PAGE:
The battle of Cain and Abel
Astonishing bloody battles play out in the nests of several species of eagles, herons, boobies, pelicans and certain other large birds. These are between their nestlings, although its more a case of the first-born Cain simply murdering the second-born Abel. The behaviour is called siblicide. Adult females of these birds lay their eggs several days apart, and so the first chick is older, bigger and stronger by the time its sibling hatches some days later. The elder Cain soon attacks and kills its sibling. Nasty stuff, but all to the good of the genes of the survivor and the genes that it carries of its dead brother or sister.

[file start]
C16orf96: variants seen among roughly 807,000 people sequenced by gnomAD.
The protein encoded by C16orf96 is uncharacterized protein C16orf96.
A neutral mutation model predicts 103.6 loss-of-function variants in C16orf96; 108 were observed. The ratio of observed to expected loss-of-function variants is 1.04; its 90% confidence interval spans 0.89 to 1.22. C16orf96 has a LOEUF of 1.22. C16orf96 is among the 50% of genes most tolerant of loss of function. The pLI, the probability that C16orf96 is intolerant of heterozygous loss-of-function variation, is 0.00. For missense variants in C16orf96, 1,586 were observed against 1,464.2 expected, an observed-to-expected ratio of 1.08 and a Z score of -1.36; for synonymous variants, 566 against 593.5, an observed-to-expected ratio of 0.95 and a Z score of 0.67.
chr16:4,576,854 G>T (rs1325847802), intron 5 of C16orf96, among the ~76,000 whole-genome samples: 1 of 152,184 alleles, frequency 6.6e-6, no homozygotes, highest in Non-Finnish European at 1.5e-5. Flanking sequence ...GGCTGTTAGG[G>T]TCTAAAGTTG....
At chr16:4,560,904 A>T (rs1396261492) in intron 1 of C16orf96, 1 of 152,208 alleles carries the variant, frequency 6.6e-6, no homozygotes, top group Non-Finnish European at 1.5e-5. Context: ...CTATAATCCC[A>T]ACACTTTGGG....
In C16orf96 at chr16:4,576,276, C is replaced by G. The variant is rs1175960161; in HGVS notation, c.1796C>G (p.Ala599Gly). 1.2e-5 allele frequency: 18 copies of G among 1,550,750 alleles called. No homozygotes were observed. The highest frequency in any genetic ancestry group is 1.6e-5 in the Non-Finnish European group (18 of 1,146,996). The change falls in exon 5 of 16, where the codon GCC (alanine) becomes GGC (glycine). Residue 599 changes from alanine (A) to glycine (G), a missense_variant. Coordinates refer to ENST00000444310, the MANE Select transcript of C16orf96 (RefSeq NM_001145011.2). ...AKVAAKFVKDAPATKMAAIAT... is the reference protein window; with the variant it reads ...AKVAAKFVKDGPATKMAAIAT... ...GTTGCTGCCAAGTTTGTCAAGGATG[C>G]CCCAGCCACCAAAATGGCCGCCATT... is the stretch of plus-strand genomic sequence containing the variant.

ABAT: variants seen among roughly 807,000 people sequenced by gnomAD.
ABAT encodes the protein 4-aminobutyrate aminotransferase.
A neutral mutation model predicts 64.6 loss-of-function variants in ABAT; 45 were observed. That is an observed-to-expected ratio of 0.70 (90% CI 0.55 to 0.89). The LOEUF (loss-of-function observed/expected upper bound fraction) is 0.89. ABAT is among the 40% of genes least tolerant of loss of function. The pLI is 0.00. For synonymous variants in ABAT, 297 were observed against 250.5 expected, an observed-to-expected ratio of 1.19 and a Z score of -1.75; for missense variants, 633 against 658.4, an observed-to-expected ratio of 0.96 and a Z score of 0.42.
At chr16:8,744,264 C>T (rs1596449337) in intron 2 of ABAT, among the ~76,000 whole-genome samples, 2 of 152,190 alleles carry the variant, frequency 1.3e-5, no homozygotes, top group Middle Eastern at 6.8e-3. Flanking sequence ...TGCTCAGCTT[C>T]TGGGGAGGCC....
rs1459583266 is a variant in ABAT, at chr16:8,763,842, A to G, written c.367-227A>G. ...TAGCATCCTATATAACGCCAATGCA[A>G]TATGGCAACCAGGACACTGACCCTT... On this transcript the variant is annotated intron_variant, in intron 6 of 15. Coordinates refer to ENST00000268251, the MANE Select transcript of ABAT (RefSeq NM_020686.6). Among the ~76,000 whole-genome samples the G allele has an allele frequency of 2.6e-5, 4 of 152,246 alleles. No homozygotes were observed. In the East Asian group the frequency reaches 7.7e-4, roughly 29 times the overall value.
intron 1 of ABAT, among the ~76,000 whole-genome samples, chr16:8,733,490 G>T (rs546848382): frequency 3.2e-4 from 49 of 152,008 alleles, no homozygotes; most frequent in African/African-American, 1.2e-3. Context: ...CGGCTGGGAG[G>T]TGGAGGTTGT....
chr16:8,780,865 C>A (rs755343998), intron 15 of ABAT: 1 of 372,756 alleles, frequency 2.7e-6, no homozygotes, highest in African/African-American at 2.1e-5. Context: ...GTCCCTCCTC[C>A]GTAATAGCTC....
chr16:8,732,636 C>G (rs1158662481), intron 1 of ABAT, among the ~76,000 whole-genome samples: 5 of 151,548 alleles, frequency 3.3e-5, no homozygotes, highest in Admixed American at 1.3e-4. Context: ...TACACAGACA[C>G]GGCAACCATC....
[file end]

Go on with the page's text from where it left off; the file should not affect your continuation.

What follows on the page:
Black or Verreaux's Eagles generally nest on cliffs, but Ongava has a pair nesting in a large mopane between Ongava Lodge and Margo House. The nest was discovered this year, but its large size suggests that it has been used for many previous years. We were delighted to observe a large chick perched on the nest in August, but then dismayed to note its apparent absence in September, too early for the nestling to have fledged.
Eventually Simeon Naholo (Ongava Research Centre’s technician) climbed to the nest, only to discover that the large chick was dead, and had been that way quite some time. What led to its death remains a mystery, but Simeon did discover the scant remains of its sibling. We hope for a happier breeding season next year